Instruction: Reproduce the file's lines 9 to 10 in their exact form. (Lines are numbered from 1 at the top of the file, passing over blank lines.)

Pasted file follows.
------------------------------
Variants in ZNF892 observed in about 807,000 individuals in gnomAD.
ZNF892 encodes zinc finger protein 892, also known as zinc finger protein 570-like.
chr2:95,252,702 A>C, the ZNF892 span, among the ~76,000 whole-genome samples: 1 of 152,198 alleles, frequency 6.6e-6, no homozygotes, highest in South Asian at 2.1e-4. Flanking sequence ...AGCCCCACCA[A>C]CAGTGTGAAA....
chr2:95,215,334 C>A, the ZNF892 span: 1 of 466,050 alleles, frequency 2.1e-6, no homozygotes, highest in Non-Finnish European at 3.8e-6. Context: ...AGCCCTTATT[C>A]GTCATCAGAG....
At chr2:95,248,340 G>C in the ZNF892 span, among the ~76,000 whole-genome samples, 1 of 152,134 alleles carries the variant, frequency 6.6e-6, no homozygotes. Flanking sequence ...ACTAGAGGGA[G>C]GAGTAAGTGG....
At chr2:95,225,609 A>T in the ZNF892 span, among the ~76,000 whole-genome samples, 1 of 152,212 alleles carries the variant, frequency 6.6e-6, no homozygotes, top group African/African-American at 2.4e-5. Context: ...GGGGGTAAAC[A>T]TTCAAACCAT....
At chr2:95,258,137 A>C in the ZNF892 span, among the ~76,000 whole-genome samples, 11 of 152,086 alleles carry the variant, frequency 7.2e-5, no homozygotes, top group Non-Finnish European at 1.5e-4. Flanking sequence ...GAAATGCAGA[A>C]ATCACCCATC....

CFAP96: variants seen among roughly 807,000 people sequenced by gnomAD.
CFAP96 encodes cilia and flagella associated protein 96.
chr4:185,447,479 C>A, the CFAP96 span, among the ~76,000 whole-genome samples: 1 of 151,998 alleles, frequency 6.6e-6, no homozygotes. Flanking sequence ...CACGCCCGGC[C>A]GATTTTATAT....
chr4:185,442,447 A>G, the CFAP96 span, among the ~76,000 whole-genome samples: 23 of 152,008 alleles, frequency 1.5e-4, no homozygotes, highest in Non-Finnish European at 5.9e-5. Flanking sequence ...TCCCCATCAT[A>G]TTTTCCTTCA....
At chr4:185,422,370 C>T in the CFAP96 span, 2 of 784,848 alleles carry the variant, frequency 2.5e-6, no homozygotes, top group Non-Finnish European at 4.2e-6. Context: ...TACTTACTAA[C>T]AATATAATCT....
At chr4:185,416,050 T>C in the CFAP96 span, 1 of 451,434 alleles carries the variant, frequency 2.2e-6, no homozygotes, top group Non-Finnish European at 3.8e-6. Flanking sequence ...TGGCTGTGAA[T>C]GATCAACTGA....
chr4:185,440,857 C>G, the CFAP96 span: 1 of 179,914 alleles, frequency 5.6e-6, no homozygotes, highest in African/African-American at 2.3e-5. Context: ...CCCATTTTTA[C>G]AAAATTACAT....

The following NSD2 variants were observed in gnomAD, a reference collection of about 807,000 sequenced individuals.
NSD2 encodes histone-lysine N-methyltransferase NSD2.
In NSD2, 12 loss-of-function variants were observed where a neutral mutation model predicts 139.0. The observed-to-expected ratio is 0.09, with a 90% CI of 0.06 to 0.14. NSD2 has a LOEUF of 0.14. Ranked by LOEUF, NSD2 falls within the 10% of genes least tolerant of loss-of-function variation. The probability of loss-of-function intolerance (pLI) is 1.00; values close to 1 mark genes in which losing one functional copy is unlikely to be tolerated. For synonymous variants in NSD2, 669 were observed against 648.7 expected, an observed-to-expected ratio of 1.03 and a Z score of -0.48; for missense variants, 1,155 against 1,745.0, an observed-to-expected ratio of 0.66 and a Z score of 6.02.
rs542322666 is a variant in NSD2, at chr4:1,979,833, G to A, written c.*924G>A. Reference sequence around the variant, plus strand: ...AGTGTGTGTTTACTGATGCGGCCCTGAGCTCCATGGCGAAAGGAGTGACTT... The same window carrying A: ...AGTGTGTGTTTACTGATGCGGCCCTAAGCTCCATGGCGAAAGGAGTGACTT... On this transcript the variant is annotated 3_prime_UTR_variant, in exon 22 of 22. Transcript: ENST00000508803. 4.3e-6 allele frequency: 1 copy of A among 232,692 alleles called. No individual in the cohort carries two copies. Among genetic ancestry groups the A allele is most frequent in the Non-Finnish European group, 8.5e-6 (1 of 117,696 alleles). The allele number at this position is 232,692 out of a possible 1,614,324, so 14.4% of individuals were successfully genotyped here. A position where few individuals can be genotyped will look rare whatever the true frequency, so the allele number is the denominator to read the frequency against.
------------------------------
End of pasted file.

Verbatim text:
CFAP96 encodes cilia and flagella associated protein 96.
chr4:185,447,479 C>A, the CFAP96 span, among the ~76,000 whole-genome samples: 1 of 151,998 alleles, frequency 6.6e-6, no homozygotes. Flanking sequence ...CACGCCCGGC[C>A]GATTTTATAT....